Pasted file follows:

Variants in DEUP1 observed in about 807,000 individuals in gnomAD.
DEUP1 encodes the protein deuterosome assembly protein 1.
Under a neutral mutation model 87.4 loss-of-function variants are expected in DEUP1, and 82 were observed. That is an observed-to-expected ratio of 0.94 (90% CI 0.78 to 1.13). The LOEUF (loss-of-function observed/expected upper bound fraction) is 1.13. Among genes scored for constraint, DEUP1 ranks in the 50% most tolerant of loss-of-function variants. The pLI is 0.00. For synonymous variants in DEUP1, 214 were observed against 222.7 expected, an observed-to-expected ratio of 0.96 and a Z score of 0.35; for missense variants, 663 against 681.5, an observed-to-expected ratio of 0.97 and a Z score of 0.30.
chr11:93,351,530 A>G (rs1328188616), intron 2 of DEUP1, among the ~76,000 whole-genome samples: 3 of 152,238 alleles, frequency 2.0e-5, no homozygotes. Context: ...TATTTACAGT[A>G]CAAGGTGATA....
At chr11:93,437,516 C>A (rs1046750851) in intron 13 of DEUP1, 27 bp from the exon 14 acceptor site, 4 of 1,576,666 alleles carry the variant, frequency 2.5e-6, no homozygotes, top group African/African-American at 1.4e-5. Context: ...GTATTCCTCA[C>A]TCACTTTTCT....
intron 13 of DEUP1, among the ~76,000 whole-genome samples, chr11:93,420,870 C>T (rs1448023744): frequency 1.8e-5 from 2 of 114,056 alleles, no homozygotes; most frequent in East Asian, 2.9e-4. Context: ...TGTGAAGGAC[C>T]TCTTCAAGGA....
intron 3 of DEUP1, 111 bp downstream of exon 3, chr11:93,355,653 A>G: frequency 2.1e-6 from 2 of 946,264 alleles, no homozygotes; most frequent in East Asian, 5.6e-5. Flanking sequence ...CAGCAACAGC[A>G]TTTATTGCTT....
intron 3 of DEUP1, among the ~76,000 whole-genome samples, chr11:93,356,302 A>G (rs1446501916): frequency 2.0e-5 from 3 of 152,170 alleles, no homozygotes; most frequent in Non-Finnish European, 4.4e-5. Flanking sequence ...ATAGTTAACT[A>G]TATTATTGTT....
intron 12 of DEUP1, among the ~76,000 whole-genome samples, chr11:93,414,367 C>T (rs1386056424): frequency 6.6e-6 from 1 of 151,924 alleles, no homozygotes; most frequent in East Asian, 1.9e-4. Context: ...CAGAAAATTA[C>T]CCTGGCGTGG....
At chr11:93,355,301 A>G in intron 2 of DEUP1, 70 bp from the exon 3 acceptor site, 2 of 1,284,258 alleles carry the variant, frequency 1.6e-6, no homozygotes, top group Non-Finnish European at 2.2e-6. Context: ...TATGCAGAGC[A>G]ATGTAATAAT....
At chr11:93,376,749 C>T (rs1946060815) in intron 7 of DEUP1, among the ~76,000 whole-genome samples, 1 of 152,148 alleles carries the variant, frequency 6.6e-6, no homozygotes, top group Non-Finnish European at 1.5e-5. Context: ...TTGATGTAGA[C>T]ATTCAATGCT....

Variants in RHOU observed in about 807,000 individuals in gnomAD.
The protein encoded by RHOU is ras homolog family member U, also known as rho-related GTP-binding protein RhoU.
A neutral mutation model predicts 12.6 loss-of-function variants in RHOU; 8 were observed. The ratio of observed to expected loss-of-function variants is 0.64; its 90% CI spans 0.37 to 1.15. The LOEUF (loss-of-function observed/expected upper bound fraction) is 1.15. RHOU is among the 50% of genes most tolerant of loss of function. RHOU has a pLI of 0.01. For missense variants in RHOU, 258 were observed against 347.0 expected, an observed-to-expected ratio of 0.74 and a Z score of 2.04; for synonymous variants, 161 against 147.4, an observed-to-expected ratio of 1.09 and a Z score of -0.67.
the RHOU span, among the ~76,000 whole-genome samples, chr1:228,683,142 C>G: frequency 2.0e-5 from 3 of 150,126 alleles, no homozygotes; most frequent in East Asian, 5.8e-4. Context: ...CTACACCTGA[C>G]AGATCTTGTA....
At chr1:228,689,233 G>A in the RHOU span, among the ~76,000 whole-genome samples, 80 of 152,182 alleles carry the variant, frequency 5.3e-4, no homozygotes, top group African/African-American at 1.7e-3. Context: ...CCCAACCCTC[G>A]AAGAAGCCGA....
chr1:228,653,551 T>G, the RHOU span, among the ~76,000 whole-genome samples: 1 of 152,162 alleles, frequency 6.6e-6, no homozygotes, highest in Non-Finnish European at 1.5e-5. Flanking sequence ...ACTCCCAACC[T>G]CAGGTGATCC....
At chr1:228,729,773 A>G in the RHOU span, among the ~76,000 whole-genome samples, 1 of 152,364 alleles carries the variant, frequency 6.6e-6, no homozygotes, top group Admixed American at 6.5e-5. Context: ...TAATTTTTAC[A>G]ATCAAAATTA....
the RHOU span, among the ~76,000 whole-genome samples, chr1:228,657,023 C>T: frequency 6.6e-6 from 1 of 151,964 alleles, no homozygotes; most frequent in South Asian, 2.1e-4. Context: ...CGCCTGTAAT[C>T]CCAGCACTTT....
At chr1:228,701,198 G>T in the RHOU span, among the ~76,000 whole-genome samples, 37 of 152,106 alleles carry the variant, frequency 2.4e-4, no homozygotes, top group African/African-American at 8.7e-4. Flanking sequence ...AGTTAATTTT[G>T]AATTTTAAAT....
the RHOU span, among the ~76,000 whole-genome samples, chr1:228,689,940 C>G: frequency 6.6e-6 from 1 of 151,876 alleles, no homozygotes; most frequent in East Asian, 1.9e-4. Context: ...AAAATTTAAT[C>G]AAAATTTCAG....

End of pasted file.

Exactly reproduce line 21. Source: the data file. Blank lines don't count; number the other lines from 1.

the RHOU span, among the ~76,000 whole-genome samples, chr1:228,689,940 C>G: frequency 6.6e-6 from 1 of 151,876 alleles, no homozygotes; most frequent in East Asian, 1.9e-4. Context: ...AAAATTTAAT[C>G]AAAATTTCAG....